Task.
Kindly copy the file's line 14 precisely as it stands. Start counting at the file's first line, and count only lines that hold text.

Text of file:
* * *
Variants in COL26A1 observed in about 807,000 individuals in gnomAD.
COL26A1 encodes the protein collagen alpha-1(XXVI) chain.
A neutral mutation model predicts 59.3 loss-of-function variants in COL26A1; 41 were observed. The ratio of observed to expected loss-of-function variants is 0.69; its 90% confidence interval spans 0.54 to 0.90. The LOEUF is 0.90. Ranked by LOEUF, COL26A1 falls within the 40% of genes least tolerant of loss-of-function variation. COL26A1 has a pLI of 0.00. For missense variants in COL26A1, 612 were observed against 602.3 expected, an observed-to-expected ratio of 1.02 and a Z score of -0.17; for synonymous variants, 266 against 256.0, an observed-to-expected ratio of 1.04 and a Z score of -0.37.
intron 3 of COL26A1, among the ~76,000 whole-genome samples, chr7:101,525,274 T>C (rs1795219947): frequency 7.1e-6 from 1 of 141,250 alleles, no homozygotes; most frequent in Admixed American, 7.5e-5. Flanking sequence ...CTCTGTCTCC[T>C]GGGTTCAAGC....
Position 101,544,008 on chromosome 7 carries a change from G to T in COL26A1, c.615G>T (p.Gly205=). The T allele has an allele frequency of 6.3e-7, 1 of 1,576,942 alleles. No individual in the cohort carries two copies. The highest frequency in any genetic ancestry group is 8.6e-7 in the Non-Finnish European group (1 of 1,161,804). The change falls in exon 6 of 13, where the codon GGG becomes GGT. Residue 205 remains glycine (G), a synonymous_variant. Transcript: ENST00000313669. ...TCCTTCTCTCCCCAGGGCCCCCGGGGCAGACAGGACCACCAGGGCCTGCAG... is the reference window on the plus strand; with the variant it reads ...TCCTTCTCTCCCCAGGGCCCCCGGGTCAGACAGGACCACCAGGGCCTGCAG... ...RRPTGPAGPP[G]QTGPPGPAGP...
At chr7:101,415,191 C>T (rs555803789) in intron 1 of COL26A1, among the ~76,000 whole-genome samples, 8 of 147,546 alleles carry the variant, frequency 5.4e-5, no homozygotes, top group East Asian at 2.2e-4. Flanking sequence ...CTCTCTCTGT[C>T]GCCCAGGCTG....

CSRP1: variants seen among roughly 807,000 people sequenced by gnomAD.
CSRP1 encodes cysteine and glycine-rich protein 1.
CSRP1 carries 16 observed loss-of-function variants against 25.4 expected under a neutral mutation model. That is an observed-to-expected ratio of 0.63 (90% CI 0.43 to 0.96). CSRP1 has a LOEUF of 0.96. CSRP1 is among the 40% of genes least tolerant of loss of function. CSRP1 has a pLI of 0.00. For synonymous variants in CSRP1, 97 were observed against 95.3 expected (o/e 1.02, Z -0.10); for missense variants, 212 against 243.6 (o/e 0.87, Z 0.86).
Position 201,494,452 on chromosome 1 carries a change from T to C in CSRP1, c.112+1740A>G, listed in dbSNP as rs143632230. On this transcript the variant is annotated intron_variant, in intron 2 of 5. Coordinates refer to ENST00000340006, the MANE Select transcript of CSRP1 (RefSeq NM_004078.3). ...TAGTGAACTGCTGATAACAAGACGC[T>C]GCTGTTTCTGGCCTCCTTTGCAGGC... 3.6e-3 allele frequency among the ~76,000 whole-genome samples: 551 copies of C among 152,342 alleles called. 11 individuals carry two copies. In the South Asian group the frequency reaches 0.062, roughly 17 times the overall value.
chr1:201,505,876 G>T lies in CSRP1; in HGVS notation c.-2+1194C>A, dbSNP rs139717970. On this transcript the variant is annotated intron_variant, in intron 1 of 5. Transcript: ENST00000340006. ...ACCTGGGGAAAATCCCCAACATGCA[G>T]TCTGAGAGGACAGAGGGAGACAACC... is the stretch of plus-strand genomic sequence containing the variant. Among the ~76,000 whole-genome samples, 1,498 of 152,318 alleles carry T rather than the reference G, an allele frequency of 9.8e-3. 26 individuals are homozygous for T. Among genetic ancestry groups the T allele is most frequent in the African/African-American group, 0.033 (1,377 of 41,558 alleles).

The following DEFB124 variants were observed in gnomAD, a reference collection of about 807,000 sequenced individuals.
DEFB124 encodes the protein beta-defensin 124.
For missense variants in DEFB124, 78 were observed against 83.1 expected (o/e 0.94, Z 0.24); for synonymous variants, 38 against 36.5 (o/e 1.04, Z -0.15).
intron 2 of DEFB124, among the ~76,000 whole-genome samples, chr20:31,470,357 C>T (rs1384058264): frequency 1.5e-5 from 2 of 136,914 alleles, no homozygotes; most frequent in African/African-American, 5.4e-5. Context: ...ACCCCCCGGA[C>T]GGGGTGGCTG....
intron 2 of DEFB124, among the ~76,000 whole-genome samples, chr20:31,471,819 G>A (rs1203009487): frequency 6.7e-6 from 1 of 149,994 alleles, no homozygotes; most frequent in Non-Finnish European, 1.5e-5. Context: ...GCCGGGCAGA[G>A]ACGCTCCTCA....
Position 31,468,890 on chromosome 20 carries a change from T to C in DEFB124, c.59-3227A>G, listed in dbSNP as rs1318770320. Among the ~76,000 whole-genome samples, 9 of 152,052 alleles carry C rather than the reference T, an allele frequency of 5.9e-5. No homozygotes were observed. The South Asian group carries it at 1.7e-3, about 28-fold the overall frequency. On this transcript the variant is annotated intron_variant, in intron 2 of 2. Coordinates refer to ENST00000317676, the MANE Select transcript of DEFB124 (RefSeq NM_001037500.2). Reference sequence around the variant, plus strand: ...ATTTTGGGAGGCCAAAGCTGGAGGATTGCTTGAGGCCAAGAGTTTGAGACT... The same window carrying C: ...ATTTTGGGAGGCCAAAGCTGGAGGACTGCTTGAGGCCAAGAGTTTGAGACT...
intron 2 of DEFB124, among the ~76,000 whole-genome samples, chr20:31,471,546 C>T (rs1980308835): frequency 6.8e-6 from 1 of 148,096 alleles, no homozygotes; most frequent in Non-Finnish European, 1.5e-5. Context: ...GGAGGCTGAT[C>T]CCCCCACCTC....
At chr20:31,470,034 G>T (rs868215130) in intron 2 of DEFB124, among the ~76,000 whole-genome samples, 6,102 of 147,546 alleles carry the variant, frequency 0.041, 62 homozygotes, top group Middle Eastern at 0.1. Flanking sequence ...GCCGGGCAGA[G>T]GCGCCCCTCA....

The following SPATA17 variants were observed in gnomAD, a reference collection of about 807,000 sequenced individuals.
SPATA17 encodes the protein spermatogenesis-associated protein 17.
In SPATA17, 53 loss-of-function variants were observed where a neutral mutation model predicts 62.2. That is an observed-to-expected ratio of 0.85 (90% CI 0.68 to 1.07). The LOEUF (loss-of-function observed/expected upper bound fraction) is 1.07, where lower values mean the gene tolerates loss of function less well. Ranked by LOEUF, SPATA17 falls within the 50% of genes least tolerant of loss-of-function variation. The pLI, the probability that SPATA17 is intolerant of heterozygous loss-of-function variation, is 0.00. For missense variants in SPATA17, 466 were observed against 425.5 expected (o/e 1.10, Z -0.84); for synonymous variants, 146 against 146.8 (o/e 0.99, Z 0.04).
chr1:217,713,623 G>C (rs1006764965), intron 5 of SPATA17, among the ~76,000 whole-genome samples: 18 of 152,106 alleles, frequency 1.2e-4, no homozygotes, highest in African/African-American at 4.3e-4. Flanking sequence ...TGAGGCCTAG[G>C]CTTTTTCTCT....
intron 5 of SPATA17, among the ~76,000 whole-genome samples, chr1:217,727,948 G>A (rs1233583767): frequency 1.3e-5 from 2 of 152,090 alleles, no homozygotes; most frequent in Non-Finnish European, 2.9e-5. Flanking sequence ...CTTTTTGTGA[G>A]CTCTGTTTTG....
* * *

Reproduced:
For missense variants in DEFB124, 78 were observed against 83.1 expected (o/e 0.94, Z 0.24); for synonymous variants, 38 against 36.5 (o/e 1.04, Z -0.15).